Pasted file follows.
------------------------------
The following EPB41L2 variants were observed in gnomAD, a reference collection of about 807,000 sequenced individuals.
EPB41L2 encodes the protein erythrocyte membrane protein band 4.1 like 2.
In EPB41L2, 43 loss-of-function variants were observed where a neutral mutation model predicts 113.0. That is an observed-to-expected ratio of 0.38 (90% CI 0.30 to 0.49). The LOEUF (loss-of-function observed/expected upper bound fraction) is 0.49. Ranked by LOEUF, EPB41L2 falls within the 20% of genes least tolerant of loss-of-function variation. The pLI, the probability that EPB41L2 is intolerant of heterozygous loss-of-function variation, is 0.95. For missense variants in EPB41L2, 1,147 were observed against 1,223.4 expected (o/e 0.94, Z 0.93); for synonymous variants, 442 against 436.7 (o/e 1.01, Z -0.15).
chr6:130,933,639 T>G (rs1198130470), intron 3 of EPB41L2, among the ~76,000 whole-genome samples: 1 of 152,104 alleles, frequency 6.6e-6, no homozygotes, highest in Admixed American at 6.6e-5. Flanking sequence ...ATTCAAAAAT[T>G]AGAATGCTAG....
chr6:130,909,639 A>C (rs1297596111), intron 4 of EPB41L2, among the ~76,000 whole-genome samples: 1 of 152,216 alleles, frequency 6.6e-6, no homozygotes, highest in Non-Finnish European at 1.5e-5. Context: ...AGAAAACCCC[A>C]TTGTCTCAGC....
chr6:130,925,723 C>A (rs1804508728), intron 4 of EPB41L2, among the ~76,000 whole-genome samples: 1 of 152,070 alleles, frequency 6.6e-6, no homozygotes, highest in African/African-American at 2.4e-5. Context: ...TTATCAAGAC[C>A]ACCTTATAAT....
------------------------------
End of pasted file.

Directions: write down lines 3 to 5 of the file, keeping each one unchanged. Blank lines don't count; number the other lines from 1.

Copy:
In EPB41L2, 43 loss-of-function variants were observed where a neutral mutation model predicts 113.0. That is an observed-to-expected ratio of 0.38 (90% CI 0.30 to 0.49). The LOEUF (loss-of-function observed/expected upper bound fraction) is 0.49. Ranked by LOEUF, EPB41L2 falls within the 20% of genes least tolerant of loss-of-function variation. The pLI, the probability that EPB41L2 is intolerant of heterozygous loss-of-function variation, is 0.95. For missense variants in EPB41L2, 1,147 were observed against 1,223.4 expected (o/e 0.94, Z 0.93); for synonymous variants, 442 against 436.7 (o/e 1.01, Z -0.15).
chr6:130,933,639 T>G (rs1198130470), intron 3 of EPB41L2, among the ~76,000 whole-genome samples: 1 of 152,104 alleles, frequency 6.6e-6, no homozygotes, highest in Admixed American at 6.6e-5. Flanking sequence ...ATTCAAAAAT[T>G]AGAATGCTAG....
chr6:130,909,639 A>C (rs1297596111), intron 4 of EPB41L2, among the ~76,000 whole-genome samples: 1 of 152,216 alleles, frequency 6.6e-6, no homozygotes, highest in Non-Finnish European at 1.5e-5. Context: ...AGAAAACCCC[A>C]TTGTCTCAGC....